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Australian Dollar Falls on First Capex Contraction Since Q4 2016

Australian Dollar Falls on First Capex Contraction Since Q4 2016

Daniel Dubrovsky, Strategist

Talking Points:

  • Fourth quarter 2017 Australia Capex contracted 0.2%, first negative since Q4 2016
  • The Australian Dollar depreciated against its major peers as the data was released
  • AUD/USD fell below a bearish continuation pattern on the daily, obstacles ahead

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The Australian Dollar depreciated against its major counterparts after a local Capex report crossed the wires. Private capital expenditures in Australia declined 0.2% in the fourth quarter of 2017. Not only was this the first contraction since Q4 2016, but it was also the largest one since then. Economists were calling for investment to increase by 1.0%. In addition, the Q3 2017 1.0% gain was revised higher to 1.9%.

Reductions in capital expenditure by firms can be seen as a negative for the economy. This is because businesses may end up spending less to upgrade their facilities and equipment which could in turn soften the pace of inflation.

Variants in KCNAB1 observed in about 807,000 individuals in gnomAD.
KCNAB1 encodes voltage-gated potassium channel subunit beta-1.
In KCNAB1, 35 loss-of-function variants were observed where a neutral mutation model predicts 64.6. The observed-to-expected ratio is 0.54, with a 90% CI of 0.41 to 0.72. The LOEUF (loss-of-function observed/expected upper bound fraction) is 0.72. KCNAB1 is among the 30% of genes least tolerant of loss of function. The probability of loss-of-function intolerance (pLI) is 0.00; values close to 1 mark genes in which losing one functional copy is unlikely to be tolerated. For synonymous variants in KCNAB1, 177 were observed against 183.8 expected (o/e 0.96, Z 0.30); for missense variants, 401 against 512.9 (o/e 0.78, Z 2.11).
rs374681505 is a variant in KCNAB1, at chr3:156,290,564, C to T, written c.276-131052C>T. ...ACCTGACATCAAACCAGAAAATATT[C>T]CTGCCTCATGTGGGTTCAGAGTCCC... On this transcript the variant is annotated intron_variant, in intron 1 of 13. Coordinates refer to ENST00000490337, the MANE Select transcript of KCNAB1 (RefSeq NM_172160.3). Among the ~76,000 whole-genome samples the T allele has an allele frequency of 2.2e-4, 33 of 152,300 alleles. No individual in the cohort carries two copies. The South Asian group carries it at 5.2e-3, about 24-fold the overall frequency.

Still, the Reserve Bank of Australia expects underlying core price growth of 2 percent by the end of 2019. They have also hinted that they are in no rush to raise rates as is. It seems unlikely that the central bank could change course on a single piece of softer Capex data. With that in mind, we will see what they have to say about overall prices at their next monetary policy announcement on March 6th.

Australian Dollar Falls on First Capex Contraction Since Q4 2016

On a daily chart, AUD/USD has broken below horizontal support of a recently formed descending triangle pattern. By taking the widest distance of the pattern and subtracting it from the horizontal line, we arrive at a price target of this formation around 0.7418.

However, getting there involves conquering a few obstacles. Namely, the 61.8% and 76.4% Fibonacci retracement levels at 0.7744 and 0.7652 respectfully. While they may stand in the way as immediate support, the rising trend line from January 2016 could be the more stubborn area to push through.

Should AUD/USD turn around and start climbing, the two lines that make up the descending triangle seem like they could end up as immediate resistance. A push above those will expose the 38.2% Fibonacci retracement at 0.7894.

Australian Dollar Falls on First Capex Contraction Since Q4 2016

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